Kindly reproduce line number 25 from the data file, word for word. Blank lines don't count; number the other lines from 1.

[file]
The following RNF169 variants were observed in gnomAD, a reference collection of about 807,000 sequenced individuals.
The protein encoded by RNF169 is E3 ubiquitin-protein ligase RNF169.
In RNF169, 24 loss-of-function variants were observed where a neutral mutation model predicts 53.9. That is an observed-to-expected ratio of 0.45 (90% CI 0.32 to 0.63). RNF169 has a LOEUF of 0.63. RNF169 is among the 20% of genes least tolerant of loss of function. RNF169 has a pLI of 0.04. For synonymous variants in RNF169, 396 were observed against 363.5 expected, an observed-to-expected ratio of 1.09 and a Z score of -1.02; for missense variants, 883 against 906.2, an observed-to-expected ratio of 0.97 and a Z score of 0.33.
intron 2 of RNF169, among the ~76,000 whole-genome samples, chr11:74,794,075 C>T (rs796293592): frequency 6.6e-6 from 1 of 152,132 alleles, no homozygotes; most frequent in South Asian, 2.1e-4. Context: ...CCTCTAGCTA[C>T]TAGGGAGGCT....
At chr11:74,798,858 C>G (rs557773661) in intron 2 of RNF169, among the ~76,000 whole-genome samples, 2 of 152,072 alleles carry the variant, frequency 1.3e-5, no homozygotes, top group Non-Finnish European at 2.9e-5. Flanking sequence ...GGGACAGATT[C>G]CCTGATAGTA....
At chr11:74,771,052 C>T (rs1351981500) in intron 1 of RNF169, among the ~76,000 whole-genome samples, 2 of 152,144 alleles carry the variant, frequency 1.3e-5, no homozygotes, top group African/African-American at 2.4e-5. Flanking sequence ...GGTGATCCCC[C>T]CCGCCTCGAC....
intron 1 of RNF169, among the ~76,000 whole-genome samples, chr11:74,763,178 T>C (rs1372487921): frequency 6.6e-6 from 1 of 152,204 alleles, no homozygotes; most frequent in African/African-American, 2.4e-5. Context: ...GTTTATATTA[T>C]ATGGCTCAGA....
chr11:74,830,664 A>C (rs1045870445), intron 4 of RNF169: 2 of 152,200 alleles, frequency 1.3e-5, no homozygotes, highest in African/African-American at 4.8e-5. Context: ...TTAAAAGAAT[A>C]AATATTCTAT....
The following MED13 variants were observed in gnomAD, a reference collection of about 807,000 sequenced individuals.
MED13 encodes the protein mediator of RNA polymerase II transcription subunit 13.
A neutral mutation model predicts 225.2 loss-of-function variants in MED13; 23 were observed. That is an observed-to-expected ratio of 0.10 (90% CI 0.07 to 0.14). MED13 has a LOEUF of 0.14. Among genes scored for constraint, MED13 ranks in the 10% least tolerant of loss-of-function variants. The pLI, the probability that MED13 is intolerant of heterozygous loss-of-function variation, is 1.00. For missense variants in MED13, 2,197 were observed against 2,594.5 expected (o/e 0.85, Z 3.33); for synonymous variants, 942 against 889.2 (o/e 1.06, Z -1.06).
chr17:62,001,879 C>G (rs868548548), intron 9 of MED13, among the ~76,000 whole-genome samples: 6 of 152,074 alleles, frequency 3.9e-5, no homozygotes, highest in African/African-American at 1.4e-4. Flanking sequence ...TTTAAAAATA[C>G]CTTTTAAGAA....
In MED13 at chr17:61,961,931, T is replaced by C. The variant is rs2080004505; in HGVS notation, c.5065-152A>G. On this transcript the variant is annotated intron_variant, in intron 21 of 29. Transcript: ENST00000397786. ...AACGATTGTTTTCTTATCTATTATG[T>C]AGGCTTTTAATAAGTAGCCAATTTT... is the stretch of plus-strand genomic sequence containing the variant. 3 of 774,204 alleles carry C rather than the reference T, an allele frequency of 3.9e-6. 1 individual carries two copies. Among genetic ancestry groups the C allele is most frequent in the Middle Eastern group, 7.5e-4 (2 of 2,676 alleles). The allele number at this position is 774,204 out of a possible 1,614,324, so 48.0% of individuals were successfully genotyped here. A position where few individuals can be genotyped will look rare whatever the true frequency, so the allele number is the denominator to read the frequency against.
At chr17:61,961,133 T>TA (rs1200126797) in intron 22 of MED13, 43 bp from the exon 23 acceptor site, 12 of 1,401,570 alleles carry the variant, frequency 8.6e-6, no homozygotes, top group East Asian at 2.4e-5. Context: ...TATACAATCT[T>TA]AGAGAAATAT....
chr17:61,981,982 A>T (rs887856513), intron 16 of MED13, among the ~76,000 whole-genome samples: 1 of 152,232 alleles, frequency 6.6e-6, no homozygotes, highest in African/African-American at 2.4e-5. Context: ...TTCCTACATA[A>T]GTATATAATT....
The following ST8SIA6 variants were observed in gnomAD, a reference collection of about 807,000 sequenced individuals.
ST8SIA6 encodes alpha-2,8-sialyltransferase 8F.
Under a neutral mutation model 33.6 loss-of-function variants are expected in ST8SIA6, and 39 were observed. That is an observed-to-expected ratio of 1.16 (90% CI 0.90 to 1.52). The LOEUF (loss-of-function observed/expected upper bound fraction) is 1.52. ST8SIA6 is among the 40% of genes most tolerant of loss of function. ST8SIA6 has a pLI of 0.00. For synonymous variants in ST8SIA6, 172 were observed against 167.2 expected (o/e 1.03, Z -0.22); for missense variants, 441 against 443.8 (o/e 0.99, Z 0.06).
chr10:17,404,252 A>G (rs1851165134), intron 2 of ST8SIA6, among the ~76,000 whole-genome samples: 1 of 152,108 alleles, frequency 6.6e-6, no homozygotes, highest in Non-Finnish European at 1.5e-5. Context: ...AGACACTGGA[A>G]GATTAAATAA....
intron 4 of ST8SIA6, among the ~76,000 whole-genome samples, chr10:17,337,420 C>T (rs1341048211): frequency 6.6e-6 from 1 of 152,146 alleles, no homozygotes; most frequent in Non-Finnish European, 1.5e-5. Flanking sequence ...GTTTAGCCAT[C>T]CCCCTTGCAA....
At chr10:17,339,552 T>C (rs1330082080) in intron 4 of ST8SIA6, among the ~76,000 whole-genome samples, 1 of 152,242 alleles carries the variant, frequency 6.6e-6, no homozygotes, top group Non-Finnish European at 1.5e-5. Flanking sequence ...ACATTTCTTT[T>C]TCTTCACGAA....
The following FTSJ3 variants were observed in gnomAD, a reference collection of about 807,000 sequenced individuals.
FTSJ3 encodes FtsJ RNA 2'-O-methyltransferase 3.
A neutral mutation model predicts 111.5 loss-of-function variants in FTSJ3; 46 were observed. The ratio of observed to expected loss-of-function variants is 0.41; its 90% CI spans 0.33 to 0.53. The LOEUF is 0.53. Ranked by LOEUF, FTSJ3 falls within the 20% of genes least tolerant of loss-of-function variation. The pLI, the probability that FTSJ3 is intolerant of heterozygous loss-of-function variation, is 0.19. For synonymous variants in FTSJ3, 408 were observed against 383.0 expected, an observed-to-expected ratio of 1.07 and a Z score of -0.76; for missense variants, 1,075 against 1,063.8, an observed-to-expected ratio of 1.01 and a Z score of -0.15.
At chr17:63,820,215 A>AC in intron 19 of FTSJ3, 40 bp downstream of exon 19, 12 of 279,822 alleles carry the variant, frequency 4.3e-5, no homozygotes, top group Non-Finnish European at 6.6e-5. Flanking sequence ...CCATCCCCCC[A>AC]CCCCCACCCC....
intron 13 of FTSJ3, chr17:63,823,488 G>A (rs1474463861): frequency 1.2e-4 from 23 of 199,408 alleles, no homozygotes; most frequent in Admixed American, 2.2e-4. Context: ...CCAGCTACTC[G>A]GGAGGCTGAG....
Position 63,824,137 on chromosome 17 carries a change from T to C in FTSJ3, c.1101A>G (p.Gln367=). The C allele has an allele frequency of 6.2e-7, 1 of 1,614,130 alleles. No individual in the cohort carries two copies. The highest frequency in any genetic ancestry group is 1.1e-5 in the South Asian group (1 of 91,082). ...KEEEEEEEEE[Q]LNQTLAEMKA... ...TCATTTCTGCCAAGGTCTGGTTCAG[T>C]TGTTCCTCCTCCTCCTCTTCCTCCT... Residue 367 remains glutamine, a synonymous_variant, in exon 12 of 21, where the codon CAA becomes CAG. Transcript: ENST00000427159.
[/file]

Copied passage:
At chr17:63,820,215 A>AC in intron 19 of FTSJ3, 40 bp downstream of exon 19, 12 of 279,822 alleles carry the variant, frequency 4.3e-5, no homozygotes, top group Non-Finnish European at 6.6e-5. Flanking sequence ...CCATCCCCCC[A>AC]CCCCCACCCC....